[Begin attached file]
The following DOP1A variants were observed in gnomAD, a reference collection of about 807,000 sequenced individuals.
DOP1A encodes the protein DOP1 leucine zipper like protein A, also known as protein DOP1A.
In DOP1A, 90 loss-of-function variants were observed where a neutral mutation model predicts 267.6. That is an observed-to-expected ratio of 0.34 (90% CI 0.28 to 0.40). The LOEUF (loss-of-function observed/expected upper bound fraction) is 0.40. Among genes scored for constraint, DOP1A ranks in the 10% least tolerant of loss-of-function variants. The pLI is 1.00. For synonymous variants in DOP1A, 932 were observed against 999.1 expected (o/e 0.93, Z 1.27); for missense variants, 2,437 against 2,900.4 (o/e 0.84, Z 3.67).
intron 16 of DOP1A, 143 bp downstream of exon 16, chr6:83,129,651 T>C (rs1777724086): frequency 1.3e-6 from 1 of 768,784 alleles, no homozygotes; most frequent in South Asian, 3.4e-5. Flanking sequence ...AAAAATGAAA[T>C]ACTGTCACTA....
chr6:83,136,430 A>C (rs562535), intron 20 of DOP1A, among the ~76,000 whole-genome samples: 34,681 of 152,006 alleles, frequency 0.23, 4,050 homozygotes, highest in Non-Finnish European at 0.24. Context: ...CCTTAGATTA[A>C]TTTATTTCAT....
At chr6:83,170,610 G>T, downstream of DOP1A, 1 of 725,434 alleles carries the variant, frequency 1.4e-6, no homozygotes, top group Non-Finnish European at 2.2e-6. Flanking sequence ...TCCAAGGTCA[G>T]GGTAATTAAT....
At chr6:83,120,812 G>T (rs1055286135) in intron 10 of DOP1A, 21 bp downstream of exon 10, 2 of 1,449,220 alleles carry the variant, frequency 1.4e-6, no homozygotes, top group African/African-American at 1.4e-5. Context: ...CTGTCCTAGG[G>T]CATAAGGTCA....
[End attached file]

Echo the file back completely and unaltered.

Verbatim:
The following DOP1A variants were observed in gnomAD, a reference collection of about 807,000 sequenced individuals.
DOP1A encodes the protein DOP1 leucine zipper like protein A, also known as protein DOP1A.
In DOP1A, 90 loss-of-function variants were observed where a neutral mutation model predicts 267.6. That is an observed-to-expected ratio of 0.34 (90% CI 0.28 to 0.40). The LOEUF (loss-of-function observed/expected upper bound fraction) is 0.40. Among genes scored for constraint, DOP1A ranks in the 10% least tolerant of loss-of-function variants. The pLI is 1.00. For synonymous variants in DOP1A, 932 were observed against 999.1 expected (o/e 0.93, Z 1.27); for missense variants, 2,437 against 2,900.4 (o/e 0.84, Z 3.67).
intron 16 of DOP1A, 143 bp downstream of exon 16, chr6:83,129,651 T>C (rs1777724086): frequency 1.3e-6 from 1 of 768,784 alleles, no homozygotes; most frequent in South Asian, 3.4e-5. Flanking sequence ...AAAAATGAAA[T>C]ACTGTCACTA....
chr6:83,136,430 A>C (rs562535), intron 20 of DOP1A, among the ~76,000 whole-genome samples: 34,681 of 152,006 alleles, frequency 0.23, 4,050 homozygotes, highest in Non-Finnish European at 0.24. Context: ...CCTTAGATTA[A>C]TTTATTTCAT....
At chr6:83,170,610 G>T, downstream of DOP1A, 1 of 725,434 alleles carries the variant, frequency 1.4e-6, no homozygotes, top group Non-Finnish European at 2.2e-6. Flanking sequence ...TCCAAGGTCA[G>T]GGTAATTAAT....
At chr6:83,120,812 G>T (rs1055286135) in intron 10 of DOP1A, 21 bp downstream of exon 10, 2 of 1,449,220 alleles carry the variant, frequency 1.4e-6, no homozygotes, top group African/African-American at 1.4e-5. Context: ...CTGTCCTAGG[G>T]CATAAGGTCA....